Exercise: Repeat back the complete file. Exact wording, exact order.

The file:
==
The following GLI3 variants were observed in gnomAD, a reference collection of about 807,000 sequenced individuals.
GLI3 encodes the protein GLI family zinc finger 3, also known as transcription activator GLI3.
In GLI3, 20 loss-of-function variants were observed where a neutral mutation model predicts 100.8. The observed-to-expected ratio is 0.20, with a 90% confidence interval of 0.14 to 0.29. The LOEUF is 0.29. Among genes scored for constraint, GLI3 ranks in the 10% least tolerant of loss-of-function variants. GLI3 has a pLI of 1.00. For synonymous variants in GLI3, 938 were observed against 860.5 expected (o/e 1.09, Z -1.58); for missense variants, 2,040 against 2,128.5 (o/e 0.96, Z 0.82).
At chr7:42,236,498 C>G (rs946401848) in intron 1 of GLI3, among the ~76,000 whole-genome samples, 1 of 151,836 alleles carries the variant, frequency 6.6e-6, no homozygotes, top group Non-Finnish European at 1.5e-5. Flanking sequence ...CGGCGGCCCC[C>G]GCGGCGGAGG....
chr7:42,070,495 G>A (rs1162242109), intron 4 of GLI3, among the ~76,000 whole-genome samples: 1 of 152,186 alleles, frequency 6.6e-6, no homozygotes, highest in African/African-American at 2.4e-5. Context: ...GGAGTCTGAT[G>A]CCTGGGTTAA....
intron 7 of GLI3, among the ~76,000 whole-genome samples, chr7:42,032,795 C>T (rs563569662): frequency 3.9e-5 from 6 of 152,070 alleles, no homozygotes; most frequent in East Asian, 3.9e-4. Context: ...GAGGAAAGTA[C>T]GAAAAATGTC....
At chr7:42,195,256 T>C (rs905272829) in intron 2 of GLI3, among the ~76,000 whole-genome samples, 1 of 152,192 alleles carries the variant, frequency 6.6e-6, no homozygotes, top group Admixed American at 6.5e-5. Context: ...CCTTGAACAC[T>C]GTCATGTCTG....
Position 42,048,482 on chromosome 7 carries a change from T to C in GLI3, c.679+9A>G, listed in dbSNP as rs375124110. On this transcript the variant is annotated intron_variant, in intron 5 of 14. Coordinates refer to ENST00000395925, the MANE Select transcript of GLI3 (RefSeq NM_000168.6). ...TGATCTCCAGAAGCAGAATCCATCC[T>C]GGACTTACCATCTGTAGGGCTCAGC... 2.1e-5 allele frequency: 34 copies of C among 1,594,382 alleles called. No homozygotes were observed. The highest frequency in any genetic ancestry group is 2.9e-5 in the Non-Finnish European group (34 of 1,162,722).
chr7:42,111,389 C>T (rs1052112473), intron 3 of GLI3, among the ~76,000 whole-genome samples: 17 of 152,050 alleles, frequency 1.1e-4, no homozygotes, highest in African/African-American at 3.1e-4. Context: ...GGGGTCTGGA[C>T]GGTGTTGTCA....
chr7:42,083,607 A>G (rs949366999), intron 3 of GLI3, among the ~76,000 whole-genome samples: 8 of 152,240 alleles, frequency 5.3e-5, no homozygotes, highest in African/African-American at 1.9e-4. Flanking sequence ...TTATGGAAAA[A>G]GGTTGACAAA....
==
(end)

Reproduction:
The following GLI3 variants were observed in gnomAD, a reference collection of about 807,000 sequenced individuals.
GLI3 encodes the protein GLI family zinc finger 3, also known as transcription activator GLI3.
In GLI3, 20 loss-of-function variants were observed where a neutral mutation model predicts 100.8. The observed-to-expected ratio is 0.20, with a 90% confidence interval of 0.14 to 0.29. The LOEUF is 0.29. Among genes scored for constraint, GLI3 ranks in the 10% least tolerant of loss-of-function variants. GLI3 has a pLI of 1.00. For synonymous variants in GLI3, 938 were observed against 860.5 expected (o/e 1.09, Z -1.58); for missense variants, 2,040 against 2,128.5 (o/e 0.96, Z 0.82).
At chr7:42,236,498 C>G (rs946401848) in intron 1 of GLI3, among the ~76,000 whole-genome samples, 1 of 151,836 alleles carries the variant, frequency 6.6e-6, no homozygotes, top group Non-Finnish European at 1.5e-5. Flanking sequence ...CGGCGGCCCC[C>G]GCGGCGGAGG....
chr7:42,070,495 G>A (rs1162242109), intron 4 of GLI3, among the ~76,000 whole-genome samples: 1 of 152,186 alleles, frequency 6.6e-6, no homozygotes, highest in African/African-American at 2.4e-5. Context: ...GGAGTCTGAT[G>A]CCTGGGTTAA....
intron 7 of GLI3, among the ~76,000 whole-genome samples, chr7:42,032,795 C>T (rs563569662): frequency 3.9e-5 from 6 of 152,070 alleles, no homozygotes; most frequent in East Asian, 3.9e-4. Context: ...GAGGAAAGTA[C>T]GAAAAATGTC....
At chr7:42,195,256 T>C (rs905272829) in intron 2 of GLI3, among the ~76,000 whole-genome samples, 1 of 152,192 alleles carries the variant, frequency 6.6e-6, no homozygotes, top group Admixed American at 6.5e-5. Context: ...CCTTGAACAC[T>C]GTCATGTCTG....
Position 42,048,482 on chromosome 7 carries a change from T to C in GLI3, c.679+9A>G, listed in dbSNP as rs375124110. On this transcript the variant is annotated intron_variant, in intron 5 of 14. Coordinates refer to ENST00000395925, the MANE Select transcript of GLI3 (RefSeq NM_000168.6). ...TGATCTCCAGAAGCAGAATCCATCC[T>C]GGACTTACCATCTGTAGGGCTCAGC... 2.1e-5 allele frequency: 34 copies of C among 1,594,382 alleles called. No homozygotes were observed. The highest frequency in any genetic ancestry group is 2.9e-5 in the Non-Finnish European group (34 of 1,162,722).
chr7:42,111,389 C>T (rs1052112473), intron 3 of GLI3, among the ~76,000 whole-genome samples: 17 of 152,050 alleles, frequency 1.1e-4, no homozygotes, highest in African/African-American at 3.1e-4. Context: ...GGGGTCTGGA[C>T]GGTGTTGTCA....
chr7:42,083,607 A>G (rs949366999), intron 3 of GLI3, among the ~76,000 whole-genome samples: 8 of 152,240 alleles, frequency 5.3e-5, no homozygotes, highest in African/African-American at 1.9e-4. Flanking sequence ...TTATGGAAAA[A>G]GGTTGACAAA....